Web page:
Liability for ground conditions, site access and general land issues is usually borne by the Contractor. Many of the site investigations may have initially been instructed by the public sector and if the Contractor seeks to rely on such investigations then it must secure appropriate collateral warranties from the authors of such reports prior to Financial Close. The Contractor will also need to note the underlying contract to which the warranty relates as it is not uncommon for the initial investigation to have been procured on terms unacceptable to the Contractor.

The Contractor should also note the risk that it is asked to assume in respect of the site and title issues, liabilities that will not be understood unless it has undertaken detailed title investigations. Generally the SPV’s solicitors are willing to provide the Contractor with a Certificate of Title, at no cost, the Certificate advising on the investigations undertaken and any impediments to title of which the Contractor should be aware. In the event of any impediment or concern then the SPV may effect Defective Title insurance although such insurance will not provide cover for liquidated damages.

10 Interface Agreements

An Interface Agreement is a tripartite agreement between the Contractor, the Services Contractor and the SPV. Interface Agreements are a relatively new phenomenon and although some Contractors have historically resisted their use, if negotiated correctly they can benefit the Contractor. The interface Agreement should not increase the Contractor’s liability over and above that agreed in the Building Contract.

The Contractor may wish to consider the issue of its liability to the Services Contractor in the event of delay and provide for this directly in the Interface Agreement, making a corresponding deduction in the level of liquidated damages in the Building Contract. The Contractor can then demand a reciprocal provision from the Services Contractor so that if the Services Contractor causes or contributes to any delay then the Services Contractor will be directly liable to the Contractor for such delay.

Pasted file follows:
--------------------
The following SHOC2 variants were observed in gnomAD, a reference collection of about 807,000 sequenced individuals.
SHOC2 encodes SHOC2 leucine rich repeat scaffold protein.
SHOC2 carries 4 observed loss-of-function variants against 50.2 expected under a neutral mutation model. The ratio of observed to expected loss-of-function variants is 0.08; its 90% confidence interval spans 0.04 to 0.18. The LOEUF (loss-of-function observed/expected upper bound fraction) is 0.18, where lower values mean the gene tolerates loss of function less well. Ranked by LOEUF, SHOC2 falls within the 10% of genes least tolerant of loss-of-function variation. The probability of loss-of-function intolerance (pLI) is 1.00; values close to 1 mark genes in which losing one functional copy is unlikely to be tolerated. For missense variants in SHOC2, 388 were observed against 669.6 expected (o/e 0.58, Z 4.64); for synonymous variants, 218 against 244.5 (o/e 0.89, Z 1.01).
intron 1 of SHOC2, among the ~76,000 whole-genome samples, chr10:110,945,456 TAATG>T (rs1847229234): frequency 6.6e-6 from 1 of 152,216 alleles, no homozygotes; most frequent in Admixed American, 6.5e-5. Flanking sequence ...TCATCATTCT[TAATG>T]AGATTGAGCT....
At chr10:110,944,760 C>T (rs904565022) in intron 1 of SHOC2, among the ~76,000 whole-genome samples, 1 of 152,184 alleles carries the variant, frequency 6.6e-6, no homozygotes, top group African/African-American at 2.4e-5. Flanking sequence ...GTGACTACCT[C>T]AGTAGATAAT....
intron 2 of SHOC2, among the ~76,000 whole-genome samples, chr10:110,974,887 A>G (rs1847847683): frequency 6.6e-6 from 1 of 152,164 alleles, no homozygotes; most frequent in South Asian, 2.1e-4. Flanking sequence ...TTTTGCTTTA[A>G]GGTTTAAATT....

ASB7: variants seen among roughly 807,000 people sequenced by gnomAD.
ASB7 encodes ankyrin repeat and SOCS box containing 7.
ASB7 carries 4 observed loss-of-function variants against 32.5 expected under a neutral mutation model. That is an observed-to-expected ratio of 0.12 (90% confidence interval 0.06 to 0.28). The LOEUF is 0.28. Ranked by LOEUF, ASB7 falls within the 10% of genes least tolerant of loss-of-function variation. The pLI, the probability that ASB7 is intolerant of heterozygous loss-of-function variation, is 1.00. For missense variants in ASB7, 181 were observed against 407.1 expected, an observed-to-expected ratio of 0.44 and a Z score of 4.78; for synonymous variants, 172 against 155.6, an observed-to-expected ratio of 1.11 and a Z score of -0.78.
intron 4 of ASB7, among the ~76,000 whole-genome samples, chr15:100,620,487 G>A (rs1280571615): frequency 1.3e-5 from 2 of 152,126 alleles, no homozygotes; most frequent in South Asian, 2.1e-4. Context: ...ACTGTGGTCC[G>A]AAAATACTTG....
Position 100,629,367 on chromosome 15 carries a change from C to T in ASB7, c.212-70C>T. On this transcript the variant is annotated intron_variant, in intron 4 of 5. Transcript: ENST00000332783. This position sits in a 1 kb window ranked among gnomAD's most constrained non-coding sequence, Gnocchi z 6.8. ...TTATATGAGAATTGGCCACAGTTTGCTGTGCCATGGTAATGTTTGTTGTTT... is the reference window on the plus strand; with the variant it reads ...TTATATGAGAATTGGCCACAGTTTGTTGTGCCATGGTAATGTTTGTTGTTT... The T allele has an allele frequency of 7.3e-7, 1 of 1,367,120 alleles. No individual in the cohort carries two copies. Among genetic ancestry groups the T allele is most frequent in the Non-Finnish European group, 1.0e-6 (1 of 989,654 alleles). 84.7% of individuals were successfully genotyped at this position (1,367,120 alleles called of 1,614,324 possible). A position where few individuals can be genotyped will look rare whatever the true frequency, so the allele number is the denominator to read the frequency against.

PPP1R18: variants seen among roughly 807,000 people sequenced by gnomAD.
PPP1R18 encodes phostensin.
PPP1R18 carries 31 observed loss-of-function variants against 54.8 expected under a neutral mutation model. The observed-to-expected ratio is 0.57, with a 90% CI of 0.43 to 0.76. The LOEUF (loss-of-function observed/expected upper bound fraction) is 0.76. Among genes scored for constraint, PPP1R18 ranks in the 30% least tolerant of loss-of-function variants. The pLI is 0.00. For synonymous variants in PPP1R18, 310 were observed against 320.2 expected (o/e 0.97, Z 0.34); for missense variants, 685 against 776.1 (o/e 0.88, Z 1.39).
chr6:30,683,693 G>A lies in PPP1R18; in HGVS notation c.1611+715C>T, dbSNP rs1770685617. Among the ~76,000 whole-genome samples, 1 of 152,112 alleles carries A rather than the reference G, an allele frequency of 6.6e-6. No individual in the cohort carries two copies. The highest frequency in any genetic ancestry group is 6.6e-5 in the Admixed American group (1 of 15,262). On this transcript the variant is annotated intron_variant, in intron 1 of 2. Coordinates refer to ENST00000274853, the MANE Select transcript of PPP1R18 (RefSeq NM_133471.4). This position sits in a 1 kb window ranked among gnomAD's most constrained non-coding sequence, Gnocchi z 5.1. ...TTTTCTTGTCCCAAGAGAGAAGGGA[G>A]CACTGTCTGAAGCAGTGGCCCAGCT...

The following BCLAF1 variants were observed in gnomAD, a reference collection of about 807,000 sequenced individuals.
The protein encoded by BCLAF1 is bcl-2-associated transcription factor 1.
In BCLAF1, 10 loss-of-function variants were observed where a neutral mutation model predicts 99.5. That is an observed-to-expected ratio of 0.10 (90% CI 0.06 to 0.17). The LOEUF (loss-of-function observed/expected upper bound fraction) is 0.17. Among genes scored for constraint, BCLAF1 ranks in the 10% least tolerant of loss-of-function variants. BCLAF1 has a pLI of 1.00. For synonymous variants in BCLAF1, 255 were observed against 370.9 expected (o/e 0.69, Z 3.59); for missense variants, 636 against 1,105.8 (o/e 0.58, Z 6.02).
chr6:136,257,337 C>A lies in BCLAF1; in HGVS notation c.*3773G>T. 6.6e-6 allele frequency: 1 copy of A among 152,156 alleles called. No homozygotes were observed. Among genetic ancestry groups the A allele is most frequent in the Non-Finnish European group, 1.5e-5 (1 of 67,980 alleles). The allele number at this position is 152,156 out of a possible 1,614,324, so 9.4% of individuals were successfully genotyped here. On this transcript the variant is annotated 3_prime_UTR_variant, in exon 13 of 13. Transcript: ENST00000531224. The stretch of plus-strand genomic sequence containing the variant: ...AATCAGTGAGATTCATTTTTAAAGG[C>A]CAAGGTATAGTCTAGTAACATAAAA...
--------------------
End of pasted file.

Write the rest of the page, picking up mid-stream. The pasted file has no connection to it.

The Interface Agreement should set out in detail what the Contractor is expecting of the Services Contractor during the design and build stage, usually provided for by setting out a list of requirements as an Appendix to the Interface Agreement. This list can be used to seek confirmation of design from the Services Contractor so to prevent the Services Contractor subsequently claiming that the solution provided by the Contractor has resulted in the Services Contractor either incurring deductions or additional costs in providing the services.

Agreement should be reached in respect of general co-operation, access to the site, resolution of snagging issues and defects and resolution of disputes.

By taking into account all or some of the above, all of which will be resisted to varying degrees by the SPV but all of which are risks that SPV’s should and can assume, the Contractor will be redressing some of the disproportionate and unjust risks that are demanded by the SPV and Funder.


MJD Solicitors | Matthew Dillon

Matthew Dillon

Send Us A Message

More Posts

Payment Notices

Employer Payment Notices in Construction Contracts Payment Notices are required to notify the sum to be paid under the Construction Contract The Housing Grants Construction